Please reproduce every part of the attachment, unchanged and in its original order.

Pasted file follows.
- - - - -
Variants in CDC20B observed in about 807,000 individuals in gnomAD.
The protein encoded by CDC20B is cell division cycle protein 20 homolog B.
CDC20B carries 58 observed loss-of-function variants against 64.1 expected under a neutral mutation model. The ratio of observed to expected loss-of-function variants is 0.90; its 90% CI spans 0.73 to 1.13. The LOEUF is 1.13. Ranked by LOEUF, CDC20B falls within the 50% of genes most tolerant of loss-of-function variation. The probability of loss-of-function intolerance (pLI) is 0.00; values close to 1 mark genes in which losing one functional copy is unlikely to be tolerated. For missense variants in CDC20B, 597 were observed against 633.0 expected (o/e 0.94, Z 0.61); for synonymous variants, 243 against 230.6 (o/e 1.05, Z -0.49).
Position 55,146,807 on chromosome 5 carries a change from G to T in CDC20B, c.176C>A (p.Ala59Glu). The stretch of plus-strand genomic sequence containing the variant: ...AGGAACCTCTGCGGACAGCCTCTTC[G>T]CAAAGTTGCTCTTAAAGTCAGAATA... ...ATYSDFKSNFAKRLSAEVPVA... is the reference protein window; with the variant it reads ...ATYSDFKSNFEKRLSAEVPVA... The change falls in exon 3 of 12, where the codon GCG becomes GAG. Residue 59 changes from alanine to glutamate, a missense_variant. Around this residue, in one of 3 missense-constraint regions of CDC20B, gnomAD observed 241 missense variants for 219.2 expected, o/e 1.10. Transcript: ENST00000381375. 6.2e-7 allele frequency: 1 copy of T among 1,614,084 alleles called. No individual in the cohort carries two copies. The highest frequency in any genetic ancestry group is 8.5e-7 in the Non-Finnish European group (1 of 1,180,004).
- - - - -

Variants in CDC20B observed in about 807,000 individuals in gnomAD.
The protein encoded by CDC20B is cell division cycle protein 20 homolog B.
CDC20B carries 58 observed loss-of-function variants against 64.1 expected under a neutral mutation model. The ratio of observed to expected loss-of-function variants is 0.90; its 90% CI spans 0.73 to 1.13. The LOEUF is 1.13. Ranked by LOEUF, CDC20B falls within the 50% of genes most tolerant of loss-of-function variation. The probability of loss-of-function intolerance (pLI) is 0.00; values close to 1 mark genes in which losing one functional copy is unlikely to be tolerated. For missense variants in CDC20B, 597 were observed against 633.0 expected (o/e 0.94, Z 0.61); for synonymous variants, 243 against 230.6 (o/e 1.05, Z -0.49).
Position 55,146,807 on chromosome 5 carries a change from G to T in CDC20B, c.176C>A (p.Ala59Glu). The stretch of plus-strand genomic sequence containing the variant: ...AGGAACCTCTGCGGACAGCCTCTTC[G>T]CAAAGTTGCTCTTAAAGTCAGAATA... ...ATYSDFKSNFAKRLSAEVPVA... is the reference protein window; with the variant it reads ...ATYSDFKSNFEKRLSAEVPVA... The change falls in exon 3 of 12, where the codon GCG becomes GAG. Residue 59 changes from alanine to glutamate, a missense_variant. Around this residue, in one of 3 missense-constraint regions of CDC20B, gnomAD observed 241 missense variants for 219.2 expected, o/e 1.10. Transcript: ENST00000381375. 6.2e-7 allele frequency: 1 copy of T among 1,614,084 alleles called. No individual in the cohort carries two copies. The highest frequency in any genetic ancestry group is 8.5e-7 in the Non-Finnish European group (1 of 1,180,004).